The sequence features Yon-Rogg lecturing a group of young Starforce hopefuls about the Kree Empire's mission to protect itself from the Skrulls, a race of alien shapeshifters that the Kree have painted as completely evil. Yon-Rogg makes the recruits giggle by teasing them if they're sure they're really Krees and not Skrulls before he turns his attention to Vers, calling her the best example of Kree potential. Vers then enters the training room and tells the recruits, "The commander's right about the Skrulls. They took everything from me: my home, my family, my memory." 

When the youngsters ask Vers if her implant hurt and who she sees when she communes with the Supreme Intelligence, Yon-Rogg cuts the conversation short and questions if Vers is having "dreams" again — which we learn are visions of her life on Earth. She nods, and asks if he'd be up to sparring with her to help clear her head.

Heading to Torfa

Early on in Captain Marvel, the members of Starforce fly to Torfa, a planet on the border of the Kree Empire, to locate and rescue the missing Kree spy Soh-Larr (Chuku Modu), whom the Skrulls had kidnapped in an attempt to lure Starforce into their clutches and seize Vers as well. The expedition ends up a total failure on Starforce's part, as the Skrulls successfully snatch up Vers. Before things go south, though, Captain Marvel was meant to include some light-hearted banter to send the Starforce gang off on a happy note. 

A scene cut from the film sees Vers joking around with Minn-Erva, Korath, and Att-Lass, who tease her about a previous mission to which she brought a little too much heat with her Photon-blasting fists. Minn-Erva gives her a sarcastic piece of advice so she doesn't repeat her past mistakes during their mission on Torfa: "Remember, twinkle fists — think with your head, not your hands."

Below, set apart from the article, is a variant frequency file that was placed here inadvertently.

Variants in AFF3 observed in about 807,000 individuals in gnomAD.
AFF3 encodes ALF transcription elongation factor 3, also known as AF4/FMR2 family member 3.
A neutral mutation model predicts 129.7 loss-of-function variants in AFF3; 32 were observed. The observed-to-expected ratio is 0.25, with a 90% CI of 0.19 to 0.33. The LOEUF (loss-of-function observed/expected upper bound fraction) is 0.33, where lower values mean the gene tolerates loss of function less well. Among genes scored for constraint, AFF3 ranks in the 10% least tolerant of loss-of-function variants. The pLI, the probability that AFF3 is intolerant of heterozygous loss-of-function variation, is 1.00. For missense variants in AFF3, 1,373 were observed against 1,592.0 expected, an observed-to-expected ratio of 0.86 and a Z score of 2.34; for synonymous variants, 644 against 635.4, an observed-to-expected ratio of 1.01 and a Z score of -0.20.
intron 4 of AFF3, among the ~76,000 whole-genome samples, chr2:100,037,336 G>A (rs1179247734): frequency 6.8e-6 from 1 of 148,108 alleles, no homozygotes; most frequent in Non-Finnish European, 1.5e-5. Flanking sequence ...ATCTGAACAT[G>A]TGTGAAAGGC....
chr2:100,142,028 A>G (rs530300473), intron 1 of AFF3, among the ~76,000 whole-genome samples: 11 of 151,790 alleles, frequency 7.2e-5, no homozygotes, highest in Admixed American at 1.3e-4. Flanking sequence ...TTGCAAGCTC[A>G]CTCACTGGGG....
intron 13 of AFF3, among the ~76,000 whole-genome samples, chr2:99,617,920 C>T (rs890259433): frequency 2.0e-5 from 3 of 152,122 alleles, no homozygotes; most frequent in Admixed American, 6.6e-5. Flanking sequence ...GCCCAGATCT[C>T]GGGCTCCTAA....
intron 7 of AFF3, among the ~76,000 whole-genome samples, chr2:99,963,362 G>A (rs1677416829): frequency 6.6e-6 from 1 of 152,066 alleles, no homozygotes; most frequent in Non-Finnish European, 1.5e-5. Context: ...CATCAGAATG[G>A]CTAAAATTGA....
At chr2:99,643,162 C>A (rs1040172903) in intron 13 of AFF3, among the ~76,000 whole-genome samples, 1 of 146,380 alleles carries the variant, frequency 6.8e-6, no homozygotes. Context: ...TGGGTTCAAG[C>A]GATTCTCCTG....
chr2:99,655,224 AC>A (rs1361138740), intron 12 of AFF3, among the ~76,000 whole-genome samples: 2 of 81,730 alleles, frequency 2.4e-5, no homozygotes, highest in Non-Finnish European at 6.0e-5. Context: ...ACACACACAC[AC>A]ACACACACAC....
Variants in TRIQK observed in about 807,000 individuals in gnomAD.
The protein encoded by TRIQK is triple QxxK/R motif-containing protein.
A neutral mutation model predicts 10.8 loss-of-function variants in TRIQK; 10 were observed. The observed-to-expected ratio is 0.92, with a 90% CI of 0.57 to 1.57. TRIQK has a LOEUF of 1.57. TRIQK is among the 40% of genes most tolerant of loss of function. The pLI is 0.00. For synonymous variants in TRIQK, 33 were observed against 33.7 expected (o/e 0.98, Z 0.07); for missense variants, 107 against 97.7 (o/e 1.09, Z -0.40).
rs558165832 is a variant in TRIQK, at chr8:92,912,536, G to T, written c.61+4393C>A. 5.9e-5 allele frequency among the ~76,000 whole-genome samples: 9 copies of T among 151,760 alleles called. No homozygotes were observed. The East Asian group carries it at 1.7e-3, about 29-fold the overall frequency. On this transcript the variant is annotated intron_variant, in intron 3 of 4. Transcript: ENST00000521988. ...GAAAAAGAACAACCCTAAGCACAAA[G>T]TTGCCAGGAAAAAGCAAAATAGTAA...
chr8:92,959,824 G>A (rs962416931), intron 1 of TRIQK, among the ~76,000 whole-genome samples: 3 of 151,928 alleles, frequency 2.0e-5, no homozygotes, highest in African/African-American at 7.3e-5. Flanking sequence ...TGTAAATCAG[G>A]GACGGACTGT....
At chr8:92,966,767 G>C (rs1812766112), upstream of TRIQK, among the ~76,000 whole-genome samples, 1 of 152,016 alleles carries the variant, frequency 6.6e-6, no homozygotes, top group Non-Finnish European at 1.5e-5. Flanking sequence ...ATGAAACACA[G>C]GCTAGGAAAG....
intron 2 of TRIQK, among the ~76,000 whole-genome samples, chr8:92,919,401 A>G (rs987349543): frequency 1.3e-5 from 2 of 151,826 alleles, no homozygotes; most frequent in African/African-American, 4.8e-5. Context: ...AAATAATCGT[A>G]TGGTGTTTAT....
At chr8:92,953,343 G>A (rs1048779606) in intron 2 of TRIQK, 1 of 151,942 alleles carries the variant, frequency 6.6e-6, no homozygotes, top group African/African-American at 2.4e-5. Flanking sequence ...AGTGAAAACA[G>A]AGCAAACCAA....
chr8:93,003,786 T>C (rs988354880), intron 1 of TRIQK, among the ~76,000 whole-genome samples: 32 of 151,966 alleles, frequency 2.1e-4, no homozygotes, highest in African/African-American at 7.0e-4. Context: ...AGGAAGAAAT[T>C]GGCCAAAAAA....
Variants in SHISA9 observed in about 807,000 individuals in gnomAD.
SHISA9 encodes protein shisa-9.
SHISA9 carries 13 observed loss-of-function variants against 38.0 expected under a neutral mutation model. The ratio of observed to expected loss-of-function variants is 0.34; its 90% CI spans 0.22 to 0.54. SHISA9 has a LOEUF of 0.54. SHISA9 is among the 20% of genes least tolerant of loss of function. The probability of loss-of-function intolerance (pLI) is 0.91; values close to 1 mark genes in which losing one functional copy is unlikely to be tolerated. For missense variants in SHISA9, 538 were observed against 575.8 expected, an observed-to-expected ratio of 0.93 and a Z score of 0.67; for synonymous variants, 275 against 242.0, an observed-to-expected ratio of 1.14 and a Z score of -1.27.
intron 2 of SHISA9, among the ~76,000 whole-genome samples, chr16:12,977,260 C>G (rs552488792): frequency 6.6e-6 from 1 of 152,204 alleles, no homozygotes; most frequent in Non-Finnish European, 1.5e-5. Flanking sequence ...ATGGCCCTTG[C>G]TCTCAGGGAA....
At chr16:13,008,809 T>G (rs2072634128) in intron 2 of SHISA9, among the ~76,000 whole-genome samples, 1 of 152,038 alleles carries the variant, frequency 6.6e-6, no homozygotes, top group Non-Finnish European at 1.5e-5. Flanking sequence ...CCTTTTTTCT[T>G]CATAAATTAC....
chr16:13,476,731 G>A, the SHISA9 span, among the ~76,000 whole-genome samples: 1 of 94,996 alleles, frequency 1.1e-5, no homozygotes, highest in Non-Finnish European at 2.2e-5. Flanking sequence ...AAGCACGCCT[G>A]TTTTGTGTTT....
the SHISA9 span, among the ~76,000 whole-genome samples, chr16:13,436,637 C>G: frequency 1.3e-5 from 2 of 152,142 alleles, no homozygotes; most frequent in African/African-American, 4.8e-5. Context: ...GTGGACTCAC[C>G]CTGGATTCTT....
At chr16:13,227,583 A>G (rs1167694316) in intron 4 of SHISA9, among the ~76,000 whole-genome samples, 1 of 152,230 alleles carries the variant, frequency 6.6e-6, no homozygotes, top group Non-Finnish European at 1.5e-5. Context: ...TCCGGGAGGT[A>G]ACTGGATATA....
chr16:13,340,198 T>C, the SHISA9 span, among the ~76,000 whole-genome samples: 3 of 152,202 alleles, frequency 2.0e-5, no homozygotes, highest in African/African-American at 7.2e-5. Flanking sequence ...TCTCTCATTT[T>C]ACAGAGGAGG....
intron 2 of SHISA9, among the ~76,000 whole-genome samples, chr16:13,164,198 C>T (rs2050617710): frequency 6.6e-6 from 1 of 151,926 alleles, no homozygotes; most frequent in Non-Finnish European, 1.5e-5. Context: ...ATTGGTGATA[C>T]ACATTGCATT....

The fun momentarily stops when Yon-Rogg arrives and reminds them of the task at hand: bring Soh-Larr home to Hala safely. Bron-Char manages to sneak in one last quip as the Starforce team is loading into their containment vessels: "Does anyone else get claustrophobic in these things?"

This scene adds some more personality to the Starforce team — particularly Att-Lass and Bron-Char — but we can understand why it was cut out. Bold action beats out banter most days of the week.

"What, no smile?"

A surprisingly controversial aspect of Captain Marvel is its gender equality message — which manifested in one of many ways during a scene between the eponymous hero and a leather-clad biker portrayed by Robert Kazinsky. Carol touches down on Earth and is minding her own business, reading a map of Los Angeles to find her way around the city, when a motorcycle-riding local approaches, revs his engine at her, calls her Kree uniform a "scuba suit," then asks her to "lighten up" and give him a smile. When she doesn't, he calls her a "freak," and she gets even by stealing his motorcycle.

An alternate version of their interaction kicks things up a notch: it sees Kazinsky's character introduce himself as "The Don," offer Carol a ride on his bike, and cop an attitude when she declines and doesn't flash her pearly whites at him as a thank you for his kindness. "How about a smile for me, huh? I'm offering to help you," he says. "The least you could do is give me a smile."